Tourism chief's backing for 'superjail' shocks residents' group

PUBLISHED : Monday, 19 May, 2003, 12:00am
UPDATED : Monday, 19 May, 2003, 12:00am

Critics say the Hei Ling Chau site should be targeted as a 'green' drawcard

A tourism chief's support for a $12 billion 'superjail' to be built on Hei Ling Chau has shocked opponents who had hoped for support from the tourism sector to stop the development.

The Living Islands Movement, a residents' group formed three weeks ago, has called for a $7 million feasibility study approved by Legco's Finance Committee on Friday to take into account the island's value as a potential tourism destination.

But the suggestion has been shrugged off by Selina Chow Liang Shuk-yee, chairwoman of the Hong Kong Tourism Board and a member of Legco's security panel and Finance Committee, where she has been vocal in her support for the project.

'When we look at land use in Hong Kong we have to look at the entire picture. No doubt Hei Ling Chau would have been quite a good choice for tourism, but there are other sites as well. We're talking about competing land uses,' she said yesterday.

The facility on Hei Ling Chau would house about 7,000 prisoners, replacing eight prisons.

Tom Masterson, a spokesman for the Living Islands Movement, said the group was 'very disappointed' that Mrs Chow had voted for the project without considering the tourism potential of Hei Ling Chau.

The island has been identified by a University of Hong Kong study as one of only 70 ecological hot-spots in Hong Kong.

Another member of the residents' group, Neil McLaughlin, said: '[Mrs Chow] was quite strident in her support for the proposal, and it was notable that at no point was any reference made to the impact on tourism.

'If the government is only going to look at the potential for building a prison at Hei Ling Chau, then quite apart form the environmental degradation of such a project, they are failing to capitalise on a natural asset that could be a tourism attraction in its own right.'

Sannie Chan Lit-fong, chairwoman of the Green Peng Chau Association, was also disappointed at the lack of support for developing the island and neighbouring Peng Chau's tourism potential.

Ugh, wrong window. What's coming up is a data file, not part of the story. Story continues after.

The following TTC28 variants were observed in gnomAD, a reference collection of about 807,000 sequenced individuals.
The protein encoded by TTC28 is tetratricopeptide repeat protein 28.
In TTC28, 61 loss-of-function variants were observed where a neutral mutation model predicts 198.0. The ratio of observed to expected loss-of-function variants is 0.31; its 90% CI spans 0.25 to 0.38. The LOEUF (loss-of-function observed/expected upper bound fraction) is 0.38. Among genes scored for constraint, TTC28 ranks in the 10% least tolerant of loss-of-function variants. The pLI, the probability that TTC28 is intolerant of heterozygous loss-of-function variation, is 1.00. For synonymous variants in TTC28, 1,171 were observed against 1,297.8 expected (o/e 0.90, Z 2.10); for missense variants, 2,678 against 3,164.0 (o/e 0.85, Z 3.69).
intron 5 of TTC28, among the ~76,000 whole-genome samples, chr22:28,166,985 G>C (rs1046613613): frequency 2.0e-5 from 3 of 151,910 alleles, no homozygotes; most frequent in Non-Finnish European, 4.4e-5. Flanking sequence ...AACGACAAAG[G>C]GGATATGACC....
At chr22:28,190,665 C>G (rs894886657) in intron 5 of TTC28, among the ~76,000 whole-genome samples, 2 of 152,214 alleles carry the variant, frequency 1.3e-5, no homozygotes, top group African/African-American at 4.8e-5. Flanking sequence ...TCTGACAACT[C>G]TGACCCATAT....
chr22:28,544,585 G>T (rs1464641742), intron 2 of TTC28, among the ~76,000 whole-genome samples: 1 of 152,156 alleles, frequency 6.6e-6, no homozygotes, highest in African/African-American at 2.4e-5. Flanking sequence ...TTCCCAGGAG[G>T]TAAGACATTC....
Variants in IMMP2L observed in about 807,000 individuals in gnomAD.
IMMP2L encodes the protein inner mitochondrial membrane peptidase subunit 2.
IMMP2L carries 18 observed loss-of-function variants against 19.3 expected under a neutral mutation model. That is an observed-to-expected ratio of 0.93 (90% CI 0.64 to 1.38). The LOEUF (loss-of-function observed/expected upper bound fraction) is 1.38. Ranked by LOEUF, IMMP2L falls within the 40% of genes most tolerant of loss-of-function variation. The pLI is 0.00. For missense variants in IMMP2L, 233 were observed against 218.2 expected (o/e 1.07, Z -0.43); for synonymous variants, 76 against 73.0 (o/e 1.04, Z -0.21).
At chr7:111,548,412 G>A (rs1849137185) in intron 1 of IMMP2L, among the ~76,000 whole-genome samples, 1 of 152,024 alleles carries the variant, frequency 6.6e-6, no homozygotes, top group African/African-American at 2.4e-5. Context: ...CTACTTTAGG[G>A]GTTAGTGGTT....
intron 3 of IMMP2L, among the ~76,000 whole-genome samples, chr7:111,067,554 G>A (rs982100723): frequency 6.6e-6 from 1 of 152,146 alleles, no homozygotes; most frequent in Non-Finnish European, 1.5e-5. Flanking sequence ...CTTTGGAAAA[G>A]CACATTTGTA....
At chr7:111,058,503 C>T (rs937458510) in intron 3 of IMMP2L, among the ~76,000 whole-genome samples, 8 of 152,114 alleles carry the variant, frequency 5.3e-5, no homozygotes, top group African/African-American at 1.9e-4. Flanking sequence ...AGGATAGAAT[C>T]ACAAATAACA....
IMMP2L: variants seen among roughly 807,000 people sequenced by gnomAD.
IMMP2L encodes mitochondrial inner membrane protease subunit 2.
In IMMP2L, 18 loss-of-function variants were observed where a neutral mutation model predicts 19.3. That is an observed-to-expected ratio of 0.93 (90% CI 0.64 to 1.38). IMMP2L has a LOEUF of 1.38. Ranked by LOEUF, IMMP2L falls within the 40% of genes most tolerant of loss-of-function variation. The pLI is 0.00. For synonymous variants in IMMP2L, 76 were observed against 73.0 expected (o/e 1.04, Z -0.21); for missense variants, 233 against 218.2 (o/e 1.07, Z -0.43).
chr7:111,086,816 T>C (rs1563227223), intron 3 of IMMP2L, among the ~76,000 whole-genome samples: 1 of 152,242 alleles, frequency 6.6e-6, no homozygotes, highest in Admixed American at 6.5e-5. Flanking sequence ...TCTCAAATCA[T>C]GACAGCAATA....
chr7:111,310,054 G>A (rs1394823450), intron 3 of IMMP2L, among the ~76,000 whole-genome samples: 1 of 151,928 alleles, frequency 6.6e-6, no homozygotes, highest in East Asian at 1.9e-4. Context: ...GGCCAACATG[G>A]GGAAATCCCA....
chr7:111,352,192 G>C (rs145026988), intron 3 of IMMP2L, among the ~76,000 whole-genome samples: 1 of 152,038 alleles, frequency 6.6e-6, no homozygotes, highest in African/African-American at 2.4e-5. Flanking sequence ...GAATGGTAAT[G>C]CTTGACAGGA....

'But I am not surprised, since [Mrs Chow] is a member of the security panel. I also talked to members and staff of the Tourism Board and when I spoke about eco-tourism they didn't really pay attention,' she said.

Mrs Chow, meanwhile, also dashed residents' hopes that the first stage of the study would engage the public in the process or seek alternative sites for the prison.

'I think [public consultation] will come at the end of the consultancy study,' she said, adding that a debate in the Legislative Council on finding the right location for the prison had gone on 'quite long enough'.

'I really don't think this first study is about a choice of land use, but it is a first step towards construction of the prison, to see what the effect will be on the environment and to put forward a more structured plan.'

A preliminary study, costing $7 million, is expected to focus on land use and planning issues.

This will be followed by a $40 million engineering and design study, funding for which hinges on the outcome of the first study and a second round of voting in Legco.

James To Kun-sun, a legislator and Finance Committee member, said yesterday the first study would determine whether Hei Ling Chau was a suitable location. 'My understanding is that this study will look only at Hei Ling Chau and not investigate other sites. The study will put forward options to the government and on the basis of the information we receive we will decide if further research can be done, or if other sites should be considered.'

The chairman of the Finance Committee, Philip Wong Yu-hong, refused to speak to the Post to clarify the committee's decision.